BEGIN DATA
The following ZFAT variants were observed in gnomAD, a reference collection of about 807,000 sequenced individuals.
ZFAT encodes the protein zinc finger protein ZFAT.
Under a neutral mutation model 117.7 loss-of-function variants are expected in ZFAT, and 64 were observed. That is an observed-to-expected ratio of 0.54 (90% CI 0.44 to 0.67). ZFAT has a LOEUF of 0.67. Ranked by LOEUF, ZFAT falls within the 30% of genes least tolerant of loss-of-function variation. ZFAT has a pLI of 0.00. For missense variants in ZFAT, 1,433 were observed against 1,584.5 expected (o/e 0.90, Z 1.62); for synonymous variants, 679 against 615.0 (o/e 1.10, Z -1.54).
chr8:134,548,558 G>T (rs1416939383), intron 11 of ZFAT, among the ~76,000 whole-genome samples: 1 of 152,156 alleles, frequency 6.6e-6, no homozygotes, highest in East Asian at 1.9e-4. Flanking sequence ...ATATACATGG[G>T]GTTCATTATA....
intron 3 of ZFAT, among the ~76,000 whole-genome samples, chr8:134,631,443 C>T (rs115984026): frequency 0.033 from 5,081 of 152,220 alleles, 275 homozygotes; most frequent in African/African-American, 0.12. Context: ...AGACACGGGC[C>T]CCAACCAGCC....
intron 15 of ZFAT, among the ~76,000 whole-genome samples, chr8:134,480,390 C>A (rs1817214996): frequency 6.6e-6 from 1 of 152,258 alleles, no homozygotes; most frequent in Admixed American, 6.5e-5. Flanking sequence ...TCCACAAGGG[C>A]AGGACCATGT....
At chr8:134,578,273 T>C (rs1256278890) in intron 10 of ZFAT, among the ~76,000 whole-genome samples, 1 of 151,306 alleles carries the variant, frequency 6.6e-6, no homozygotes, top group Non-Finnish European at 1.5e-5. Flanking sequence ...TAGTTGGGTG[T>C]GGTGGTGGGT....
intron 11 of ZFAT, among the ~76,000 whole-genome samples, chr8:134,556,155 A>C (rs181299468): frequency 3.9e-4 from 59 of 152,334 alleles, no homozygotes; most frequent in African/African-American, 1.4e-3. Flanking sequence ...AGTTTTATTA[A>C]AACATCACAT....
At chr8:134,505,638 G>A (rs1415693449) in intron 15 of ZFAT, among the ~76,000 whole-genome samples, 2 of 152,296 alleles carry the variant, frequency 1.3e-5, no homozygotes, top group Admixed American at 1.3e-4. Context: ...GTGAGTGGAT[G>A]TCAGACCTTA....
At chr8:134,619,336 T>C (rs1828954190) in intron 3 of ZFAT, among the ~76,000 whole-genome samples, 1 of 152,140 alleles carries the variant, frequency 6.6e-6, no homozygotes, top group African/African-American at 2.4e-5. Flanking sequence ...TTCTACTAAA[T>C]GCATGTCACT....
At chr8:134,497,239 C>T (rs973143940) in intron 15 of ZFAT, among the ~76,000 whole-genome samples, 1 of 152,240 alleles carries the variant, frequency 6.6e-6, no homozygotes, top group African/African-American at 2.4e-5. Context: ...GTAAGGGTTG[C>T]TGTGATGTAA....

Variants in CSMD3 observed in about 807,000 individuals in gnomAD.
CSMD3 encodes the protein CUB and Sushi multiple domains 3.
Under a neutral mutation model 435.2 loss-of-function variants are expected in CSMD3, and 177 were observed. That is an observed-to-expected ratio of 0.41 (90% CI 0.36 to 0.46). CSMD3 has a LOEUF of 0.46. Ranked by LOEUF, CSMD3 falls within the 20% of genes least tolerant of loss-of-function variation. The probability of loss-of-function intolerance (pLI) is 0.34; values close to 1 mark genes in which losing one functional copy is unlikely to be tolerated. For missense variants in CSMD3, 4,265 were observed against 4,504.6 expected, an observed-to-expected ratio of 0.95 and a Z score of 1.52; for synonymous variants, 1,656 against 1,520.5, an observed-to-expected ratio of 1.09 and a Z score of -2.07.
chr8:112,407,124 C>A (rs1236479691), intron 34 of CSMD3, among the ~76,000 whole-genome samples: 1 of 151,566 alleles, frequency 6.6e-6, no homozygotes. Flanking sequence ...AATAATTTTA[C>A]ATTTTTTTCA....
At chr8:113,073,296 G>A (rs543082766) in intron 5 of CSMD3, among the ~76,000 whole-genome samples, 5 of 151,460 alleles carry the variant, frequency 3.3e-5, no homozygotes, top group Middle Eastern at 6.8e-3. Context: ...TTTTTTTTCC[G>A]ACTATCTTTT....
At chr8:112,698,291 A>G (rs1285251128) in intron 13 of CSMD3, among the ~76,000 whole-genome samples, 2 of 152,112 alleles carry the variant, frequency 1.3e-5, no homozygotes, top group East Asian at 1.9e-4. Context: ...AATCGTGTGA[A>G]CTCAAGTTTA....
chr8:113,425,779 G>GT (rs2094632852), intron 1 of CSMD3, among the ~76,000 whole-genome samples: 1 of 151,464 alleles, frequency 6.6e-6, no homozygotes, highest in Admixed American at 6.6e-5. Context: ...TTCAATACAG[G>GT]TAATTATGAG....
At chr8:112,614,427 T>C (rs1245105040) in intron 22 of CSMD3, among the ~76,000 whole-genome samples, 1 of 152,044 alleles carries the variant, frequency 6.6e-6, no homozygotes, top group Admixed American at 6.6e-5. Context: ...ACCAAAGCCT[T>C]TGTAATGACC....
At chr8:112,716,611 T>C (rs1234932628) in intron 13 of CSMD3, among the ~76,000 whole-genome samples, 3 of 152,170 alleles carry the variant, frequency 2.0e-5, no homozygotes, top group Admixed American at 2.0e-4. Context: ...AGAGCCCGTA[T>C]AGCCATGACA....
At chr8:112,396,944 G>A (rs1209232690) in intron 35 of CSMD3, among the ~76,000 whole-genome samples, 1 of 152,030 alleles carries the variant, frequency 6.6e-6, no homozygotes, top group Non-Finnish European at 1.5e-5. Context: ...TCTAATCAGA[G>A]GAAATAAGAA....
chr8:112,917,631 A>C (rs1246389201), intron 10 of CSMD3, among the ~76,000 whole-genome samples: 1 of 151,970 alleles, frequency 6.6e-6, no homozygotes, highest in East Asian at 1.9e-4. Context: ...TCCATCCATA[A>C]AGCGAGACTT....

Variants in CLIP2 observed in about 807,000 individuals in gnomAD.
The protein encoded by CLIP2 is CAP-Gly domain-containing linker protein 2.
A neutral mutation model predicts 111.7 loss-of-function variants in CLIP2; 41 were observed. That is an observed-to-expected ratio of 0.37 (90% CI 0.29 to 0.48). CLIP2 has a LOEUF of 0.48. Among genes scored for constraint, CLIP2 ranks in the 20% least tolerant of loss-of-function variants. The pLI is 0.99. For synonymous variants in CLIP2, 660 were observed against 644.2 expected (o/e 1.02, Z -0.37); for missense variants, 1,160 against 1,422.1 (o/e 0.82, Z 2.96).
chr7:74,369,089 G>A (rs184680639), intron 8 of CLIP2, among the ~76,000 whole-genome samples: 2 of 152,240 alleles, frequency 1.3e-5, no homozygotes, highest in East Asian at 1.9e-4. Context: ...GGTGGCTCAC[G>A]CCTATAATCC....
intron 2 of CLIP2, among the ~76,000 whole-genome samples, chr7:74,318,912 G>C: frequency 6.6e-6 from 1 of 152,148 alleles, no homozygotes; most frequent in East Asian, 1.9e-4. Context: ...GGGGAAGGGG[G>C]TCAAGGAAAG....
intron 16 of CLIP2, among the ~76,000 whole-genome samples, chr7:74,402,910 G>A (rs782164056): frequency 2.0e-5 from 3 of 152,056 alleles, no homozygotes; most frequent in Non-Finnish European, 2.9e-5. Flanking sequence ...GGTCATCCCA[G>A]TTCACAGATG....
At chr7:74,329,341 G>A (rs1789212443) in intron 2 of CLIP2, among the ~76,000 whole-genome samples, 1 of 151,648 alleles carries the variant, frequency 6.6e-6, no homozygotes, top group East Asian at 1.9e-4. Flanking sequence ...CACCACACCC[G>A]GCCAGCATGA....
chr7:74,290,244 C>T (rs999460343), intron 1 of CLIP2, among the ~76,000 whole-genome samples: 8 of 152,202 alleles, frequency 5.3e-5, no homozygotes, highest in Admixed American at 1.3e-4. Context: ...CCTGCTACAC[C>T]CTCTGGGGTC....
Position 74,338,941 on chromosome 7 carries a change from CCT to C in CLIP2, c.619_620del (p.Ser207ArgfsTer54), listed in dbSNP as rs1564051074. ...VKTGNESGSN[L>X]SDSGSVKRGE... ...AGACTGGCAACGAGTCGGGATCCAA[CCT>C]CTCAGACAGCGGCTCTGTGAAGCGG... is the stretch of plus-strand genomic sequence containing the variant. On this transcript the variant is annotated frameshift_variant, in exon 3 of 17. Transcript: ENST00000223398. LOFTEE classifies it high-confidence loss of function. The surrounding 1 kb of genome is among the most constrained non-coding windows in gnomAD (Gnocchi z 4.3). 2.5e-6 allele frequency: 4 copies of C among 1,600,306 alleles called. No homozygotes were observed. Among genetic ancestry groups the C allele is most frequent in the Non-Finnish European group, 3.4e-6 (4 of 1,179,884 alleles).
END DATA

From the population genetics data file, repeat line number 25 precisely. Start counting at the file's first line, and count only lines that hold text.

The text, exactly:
A neutral mutation model predicts 111.7 loss-of-function variants in CLIP2; 41 were observed. That is an observed-to-expected ratio of 0.37 (90% CI 0.29 to 0.48). CLIP2 has a LOEUF of 0.48. Among genes scored for constraint, CLIP2 ranks in the 20% least tolerant of loss-of-function variants. The pLI is 0.99. For synonymous variants in CLIP2, 660 were observed against 644.2 expected (o/e 1.02, Z -0.37); for missense variants, 1,160 against 1,422.1 (o/e 0.82, Z 2.96).